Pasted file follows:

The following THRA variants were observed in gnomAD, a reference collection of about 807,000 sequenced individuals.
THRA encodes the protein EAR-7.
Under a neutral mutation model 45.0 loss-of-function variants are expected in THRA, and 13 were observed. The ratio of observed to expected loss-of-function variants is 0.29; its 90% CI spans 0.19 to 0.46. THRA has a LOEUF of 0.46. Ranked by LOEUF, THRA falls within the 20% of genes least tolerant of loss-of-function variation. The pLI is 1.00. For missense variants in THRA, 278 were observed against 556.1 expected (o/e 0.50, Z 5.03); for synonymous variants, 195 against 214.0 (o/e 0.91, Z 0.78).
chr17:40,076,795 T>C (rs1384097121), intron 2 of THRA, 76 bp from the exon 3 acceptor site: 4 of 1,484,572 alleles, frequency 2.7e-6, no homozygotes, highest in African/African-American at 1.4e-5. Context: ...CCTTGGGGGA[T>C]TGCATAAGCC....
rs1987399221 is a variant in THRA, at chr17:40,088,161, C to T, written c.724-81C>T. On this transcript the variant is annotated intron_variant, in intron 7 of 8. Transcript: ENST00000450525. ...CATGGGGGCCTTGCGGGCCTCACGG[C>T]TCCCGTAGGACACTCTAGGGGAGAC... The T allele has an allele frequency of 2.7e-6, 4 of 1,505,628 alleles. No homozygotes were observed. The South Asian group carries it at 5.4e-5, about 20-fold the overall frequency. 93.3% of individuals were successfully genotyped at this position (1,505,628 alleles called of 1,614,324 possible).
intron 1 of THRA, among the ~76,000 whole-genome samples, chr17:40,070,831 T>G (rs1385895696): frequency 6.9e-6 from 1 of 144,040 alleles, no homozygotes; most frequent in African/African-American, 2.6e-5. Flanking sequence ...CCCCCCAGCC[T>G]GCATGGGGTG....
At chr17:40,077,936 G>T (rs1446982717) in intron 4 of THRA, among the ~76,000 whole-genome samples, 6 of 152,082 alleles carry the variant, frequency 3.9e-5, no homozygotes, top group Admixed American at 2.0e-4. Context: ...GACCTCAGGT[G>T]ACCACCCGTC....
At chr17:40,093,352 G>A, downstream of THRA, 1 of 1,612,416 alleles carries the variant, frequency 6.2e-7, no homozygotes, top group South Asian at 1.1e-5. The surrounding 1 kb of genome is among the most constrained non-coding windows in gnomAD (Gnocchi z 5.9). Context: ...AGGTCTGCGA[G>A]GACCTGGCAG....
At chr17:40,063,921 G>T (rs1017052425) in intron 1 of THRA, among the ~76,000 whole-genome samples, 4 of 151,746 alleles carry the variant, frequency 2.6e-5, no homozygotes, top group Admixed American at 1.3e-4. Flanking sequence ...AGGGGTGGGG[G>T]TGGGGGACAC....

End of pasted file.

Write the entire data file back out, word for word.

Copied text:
The following THRA variants were observed in gnomAD, a reference collection of about 807,000 sequenced individuals.
THRA encodes the protein EAR-7.
Under a neutral mutation model 45.0 loss-of-function variants are expected in THRA, and 13 were observed. The ratio of observed to expected loss-of-function variants is 0.29; its 90% CI spans 0.19 to 0.46. THRA has a LOEUF of 0.46. Ranked by LOEUF, THRA falls within the 20% of genes least tolerant of loss-of-function variation. The pLI is 1.00. For missense variants in THRA, 278 were observed against 556.1 expected (o/e 0.50, Z 5.03); for synonymous variants, 195 against 214.0 (o/e 0.91, Z 0.78).
chr17:40,076,795 T>C (rs1384097121), intron 2 of THRA, 76 bp from the exon 3 acceptor site: 4 of 1,484,572 alleles, frequency 2.7e-6, no homozygotes, highest in African/African-American at 1.4e-5. Context: ...CCTTGGGGGA[T>C]TGCATAAGCC....
rs1987399221 is a variant in THRA, at chr17:40,088,161, C to T, written c.724-81C>T. On this transcript the variant is annotated intron_variant, in intron 7 of 8. Transcript: ENST00000450525. ...CATGGGGGCCTTGCGGGCCTCACGG[C>T]TCCCGTAGGACACTCTAGGGGAGAC... The T allele has an allele frequency of 2.7e-6, 4 of 1,505,628 alleles. No homozygotes were observed. The South Asian group carries it at 5.4e-5, about 20-fold the overall frequency. 93.3% of individuals were successfully genotyped at this position (1,505,628 alleles called of 1,614,324 possible).
intron 1 of THRA, among the ~76,000 whole-genome samples, chr17:40,070,831 T>G (rs1385895696): frequency 6.9e-6 from 1 of 144,040 alleles, no homozygotes; most frequent in African/African-American, 2.6e-5. Flanking sequence ...CCCCCCAGCC[T>G]GCATGGGGTG....
At chr17:40,077,936 G>T (rs1446982717) in intron 4 of THRA, among the ~76,000 whole-genome samples, 6 of 152,082 alleles carry the variant, frequency 3.9e-5, no homozygotes, top group Admixed American at 2.0e-4. Context: ...GACCTCAGGT[G>T]ACCACCCGTC....
At chr17:40,093,352 G>A, downstream of THRA, 1 of 1,612,416 alleles carries the variant, frequency 6.2e-7, no homozygotes, top group South Asian at 1.1e-5. The surrounding 1 kb of genome is among the most constrained non-coding windows in gnomAD (Gnocchi z 5.9). Context: ...AGGTCTGCGA[G>A]GACCTGGCAG....
At chr17:40,063,921 G>T (rs1017052425) in intron 1 of THRA, among the ~76,000 whole-genome samples, 4 of 151,746 alleles carry the variant, frequency 2.6e-5, no homozygotes, top group Admixed American at 1.3e-4. Flanking sequence ...AGGGGTGGGG[G>T]TGGGGGACAC....